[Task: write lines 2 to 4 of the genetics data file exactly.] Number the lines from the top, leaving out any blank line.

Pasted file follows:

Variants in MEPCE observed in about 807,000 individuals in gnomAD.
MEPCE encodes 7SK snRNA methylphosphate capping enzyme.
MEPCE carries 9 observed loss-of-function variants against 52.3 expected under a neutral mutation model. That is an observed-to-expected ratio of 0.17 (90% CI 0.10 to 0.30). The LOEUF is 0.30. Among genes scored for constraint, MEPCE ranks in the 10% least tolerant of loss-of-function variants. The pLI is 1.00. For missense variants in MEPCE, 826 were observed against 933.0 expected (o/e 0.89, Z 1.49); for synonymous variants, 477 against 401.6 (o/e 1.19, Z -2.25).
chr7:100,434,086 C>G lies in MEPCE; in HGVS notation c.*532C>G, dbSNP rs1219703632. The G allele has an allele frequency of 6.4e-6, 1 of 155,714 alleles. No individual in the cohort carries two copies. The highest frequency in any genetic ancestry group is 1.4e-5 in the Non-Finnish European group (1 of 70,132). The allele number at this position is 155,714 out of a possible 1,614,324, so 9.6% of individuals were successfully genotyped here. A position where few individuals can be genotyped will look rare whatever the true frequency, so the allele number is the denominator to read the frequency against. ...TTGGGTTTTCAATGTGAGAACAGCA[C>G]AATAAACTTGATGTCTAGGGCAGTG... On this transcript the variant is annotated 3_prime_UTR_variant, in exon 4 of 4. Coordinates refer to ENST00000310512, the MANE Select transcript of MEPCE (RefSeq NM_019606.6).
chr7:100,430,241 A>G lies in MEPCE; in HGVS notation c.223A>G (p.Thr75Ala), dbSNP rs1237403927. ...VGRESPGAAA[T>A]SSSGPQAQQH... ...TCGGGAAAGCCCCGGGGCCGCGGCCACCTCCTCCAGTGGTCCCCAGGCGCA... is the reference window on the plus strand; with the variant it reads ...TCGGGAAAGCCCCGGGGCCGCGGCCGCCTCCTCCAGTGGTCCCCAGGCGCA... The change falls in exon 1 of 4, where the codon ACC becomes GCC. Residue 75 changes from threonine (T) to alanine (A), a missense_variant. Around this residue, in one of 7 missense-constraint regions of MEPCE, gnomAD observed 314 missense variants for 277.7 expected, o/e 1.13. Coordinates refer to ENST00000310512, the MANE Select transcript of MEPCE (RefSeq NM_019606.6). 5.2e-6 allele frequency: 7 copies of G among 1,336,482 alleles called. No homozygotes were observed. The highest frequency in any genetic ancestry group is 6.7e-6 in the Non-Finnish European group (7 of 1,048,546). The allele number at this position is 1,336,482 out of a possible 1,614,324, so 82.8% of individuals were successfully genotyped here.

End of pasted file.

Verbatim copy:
MEPCE encodes 7SK snRNA methylphosphate capping enzyme.
MEPCE carries 9 observed loss-of-function variants against 52.3 expected under a neutral mutation model. That is an observed-to-expected ratio of 0.17 (90% CI 0.10 to 0.30). The LOEUF is 0.30. Among genes scored for constraint, MEPCE ranks in the 10% least tolerant of loss-of-function variants. The pLI is 1.00. For missense variants in MEPCE, 826 were observed against 933.0 expected (o/e 0.89, Z 1.49); for synonymous variants, 477 against 401.6 (o/e 1.19, Z -2.25).
chr7:100,434,086 C>G lies in MEPCE; in HGVS notation c.*532C>G, dbSNP rs1219703632. The G allele has an allele frequency of 6.4e-6, 1 of 155,714 alleles. No individual in the cohort carries two copies. The highest frequency in any genetic ancestry group is 1.4e-5 in the Non-Finnish European group (1 of 70,132). The allele number at this position is 155,714 out of a possible 1,614,324, so 9.6% of individuals were successfully genotyped here. A position where few individuals can be genotyped will look rare whatever the true frequency, so the allele number is the denominator to read the frequency against. ...TTGGGTTTTCAATGTGAGAACAGCA[C>G]AATAAACTTGATGTCTAGGGCAGTG... On this transcript the variant is annotated 3_prime_UTR_variant, in exon 4 of 4. Coordinates refer to ENST00000310512, the MANE Select transcript of MEPCE (RefSeq NM_019606.6).